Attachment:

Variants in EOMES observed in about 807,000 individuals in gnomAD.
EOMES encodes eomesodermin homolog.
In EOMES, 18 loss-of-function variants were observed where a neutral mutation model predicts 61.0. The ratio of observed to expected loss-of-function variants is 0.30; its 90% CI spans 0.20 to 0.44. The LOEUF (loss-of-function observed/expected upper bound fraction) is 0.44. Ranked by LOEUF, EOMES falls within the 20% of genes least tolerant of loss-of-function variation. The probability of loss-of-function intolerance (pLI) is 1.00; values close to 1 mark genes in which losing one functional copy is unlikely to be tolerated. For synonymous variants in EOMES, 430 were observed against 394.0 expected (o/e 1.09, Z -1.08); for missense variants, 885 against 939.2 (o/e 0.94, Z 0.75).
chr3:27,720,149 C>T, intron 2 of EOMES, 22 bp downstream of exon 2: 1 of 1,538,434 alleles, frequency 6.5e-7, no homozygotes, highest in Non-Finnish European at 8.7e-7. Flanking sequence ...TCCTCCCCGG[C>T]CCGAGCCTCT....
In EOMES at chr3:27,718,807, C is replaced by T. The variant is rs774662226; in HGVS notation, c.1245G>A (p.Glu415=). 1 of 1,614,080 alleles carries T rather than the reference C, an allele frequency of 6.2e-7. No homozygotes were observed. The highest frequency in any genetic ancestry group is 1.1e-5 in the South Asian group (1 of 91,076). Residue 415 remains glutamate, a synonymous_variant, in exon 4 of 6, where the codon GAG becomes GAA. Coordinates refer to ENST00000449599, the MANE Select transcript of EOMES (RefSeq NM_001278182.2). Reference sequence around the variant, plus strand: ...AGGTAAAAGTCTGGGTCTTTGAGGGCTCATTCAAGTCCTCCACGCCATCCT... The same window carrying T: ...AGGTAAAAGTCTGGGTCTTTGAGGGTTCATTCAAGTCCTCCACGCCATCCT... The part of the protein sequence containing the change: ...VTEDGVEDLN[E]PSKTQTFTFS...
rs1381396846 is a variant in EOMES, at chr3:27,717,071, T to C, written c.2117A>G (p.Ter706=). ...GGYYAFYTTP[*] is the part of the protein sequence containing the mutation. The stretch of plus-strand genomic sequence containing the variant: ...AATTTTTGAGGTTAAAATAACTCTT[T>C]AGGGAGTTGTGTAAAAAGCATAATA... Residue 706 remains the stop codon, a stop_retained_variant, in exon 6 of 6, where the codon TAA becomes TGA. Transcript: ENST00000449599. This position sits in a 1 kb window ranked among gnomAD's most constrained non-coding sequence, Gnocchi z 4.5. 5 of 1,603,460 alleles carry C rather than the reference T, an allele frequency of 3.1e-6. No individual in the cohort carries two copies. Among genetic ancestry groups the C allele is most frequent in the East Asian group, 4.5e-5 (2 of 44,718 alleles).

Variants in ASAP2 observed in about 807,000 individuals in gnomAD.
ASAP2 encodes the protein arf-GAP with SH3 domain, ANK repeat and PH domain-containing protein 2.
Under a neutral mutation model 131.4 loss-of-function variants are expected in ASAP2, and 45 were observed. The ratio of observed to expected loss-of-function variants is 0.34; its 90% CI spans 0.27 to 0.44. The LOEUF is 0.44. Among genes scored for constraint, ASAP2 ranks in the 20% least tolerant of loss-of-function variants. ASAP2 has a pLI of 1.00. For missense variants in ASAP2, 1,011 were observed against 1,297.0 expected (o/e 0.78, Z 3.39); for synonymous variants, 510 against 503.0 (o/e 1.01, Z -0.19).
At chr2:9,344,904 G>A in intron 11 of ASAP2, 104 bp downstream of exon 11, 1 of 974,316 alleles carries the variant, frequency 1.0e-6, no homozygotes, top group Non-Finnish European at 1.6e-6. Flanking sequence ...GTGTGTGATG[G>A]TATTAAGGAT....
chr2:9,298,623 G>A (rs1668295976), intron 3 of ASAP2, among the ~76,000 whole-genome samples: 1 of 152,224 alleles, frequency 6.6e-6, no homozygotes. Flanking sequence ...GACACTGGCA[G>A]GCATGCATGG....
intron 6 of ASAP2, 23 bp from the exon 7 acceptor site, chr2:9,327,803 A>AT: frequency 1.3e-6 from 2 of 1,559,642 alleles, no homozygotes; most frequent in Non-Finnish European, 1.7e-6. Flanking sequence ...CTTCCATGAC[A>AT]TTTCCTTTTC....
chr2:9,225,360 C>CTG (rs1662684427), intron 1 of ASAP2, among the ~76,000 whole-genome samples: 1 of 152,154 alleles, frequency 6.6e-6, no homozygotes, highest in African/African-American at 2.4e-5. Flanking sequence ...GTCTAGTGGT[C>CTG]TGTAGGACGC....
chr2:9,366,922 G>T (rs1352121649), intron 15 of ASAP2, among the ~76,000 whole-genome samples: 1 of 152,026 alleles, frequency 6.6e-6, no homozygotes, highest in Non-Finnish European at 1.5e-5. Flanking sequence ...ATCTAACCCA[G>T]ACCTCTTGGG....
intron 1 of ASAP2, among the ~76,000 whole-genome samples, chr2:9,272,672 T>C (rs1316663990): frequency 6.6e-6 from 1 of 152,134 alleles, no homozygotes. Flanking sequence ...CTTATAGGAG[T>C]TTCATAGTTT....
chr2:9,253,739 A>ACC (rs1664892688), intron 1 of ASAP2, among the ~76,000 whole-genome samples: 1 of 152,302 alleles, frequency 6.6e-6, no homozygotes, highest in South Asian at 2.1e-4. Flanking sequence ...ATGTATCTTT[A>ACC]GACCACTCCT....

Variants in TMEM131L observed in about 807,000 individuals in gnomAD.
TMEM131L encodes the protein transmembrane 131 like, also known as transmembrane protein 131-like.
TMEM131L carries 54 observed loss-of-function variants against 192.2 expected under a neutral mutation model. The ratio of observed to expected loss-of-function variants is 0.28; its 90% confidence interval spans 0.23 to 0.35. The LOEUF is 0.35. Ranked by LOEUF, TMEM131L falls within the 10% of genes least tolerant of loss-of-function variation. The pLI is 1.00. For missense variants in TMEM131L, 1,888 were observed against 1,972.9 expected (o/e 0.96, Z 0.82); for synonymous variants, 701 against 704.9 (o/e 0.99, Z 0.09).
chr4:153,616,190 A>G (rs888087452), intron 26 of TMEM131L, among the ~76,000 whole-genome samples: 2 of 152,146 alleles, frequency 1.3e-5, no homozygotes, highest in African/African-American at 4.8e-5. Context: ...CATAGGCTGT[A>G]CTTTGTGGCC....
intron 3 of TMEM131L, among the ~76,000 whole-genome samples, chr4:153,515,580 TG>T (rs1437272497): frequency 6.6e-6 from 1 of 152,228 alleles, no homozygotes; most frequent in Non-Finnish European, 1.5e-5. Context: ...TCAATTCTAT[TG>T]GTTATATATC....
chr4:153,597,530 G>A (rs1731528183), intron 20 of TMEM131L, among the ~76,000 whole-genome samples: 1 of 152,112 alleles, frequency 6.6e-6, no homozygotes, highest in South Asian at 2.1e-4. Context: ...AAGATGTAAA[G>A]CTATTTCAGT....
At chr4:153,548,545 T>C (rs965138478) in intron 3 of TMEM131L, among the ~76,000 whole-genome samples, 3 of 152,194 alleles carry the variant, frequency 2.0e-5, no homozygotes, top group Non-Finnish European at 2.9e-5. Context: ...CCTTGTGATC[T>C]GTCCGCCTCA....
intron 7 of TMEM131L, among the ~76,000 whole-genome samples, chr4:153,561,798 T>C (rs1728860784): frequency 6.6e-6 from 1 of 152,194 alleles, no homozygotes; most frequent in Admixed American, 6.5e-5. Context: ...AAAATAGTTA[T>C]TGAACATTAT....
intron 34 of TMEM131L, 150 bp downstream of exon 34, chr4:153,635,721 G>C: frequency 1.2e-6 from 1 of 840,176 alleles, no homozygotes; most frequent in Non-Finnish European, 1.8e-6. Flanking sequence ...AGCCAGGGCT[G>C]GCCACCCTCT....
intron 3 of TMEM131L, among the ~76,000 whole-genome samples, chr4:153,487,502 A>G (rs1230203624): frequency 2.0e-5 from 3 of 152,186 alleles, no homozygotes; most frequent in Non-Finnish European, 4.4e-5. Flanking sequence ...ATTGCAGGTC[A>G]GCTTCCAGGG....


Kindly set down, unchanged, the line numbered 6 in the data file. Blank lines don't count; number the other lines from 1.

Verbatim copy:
rs1381396846 is a variant in EOMES, at chr3:27,717,071, T to C, written c.2117A>G (p.Ter706=). ...GGYYAFYTTP[*] is the part of the protein sequence containing the mutation. The stretch of plus-strand genomic sequence containing the variant: ...AATTTTTGAGGTTAAAATAACTCTT[T>C]AGGGAGTTGTGTAAAAAGCATAATA... Residue 706 remains the stop codon, a stop_retained_variant, in exon 6 of 6, where the codon TAA becomes TGA. Transcript: ENST00000449599. This position sits in a 1 kb window ranked among gnomAD's most constrained non-coding sequence, Gnocchi z 4.5. 5 of 1,603,460 alleles carry C rather than the reference T, an allele frequency of 3.1e-6. No individual in the cohort carries two copies. Among genetic ancestry groups the C allele is most frequent in the East Asian group, 4.5e-5 (2 of 44,718 alleles).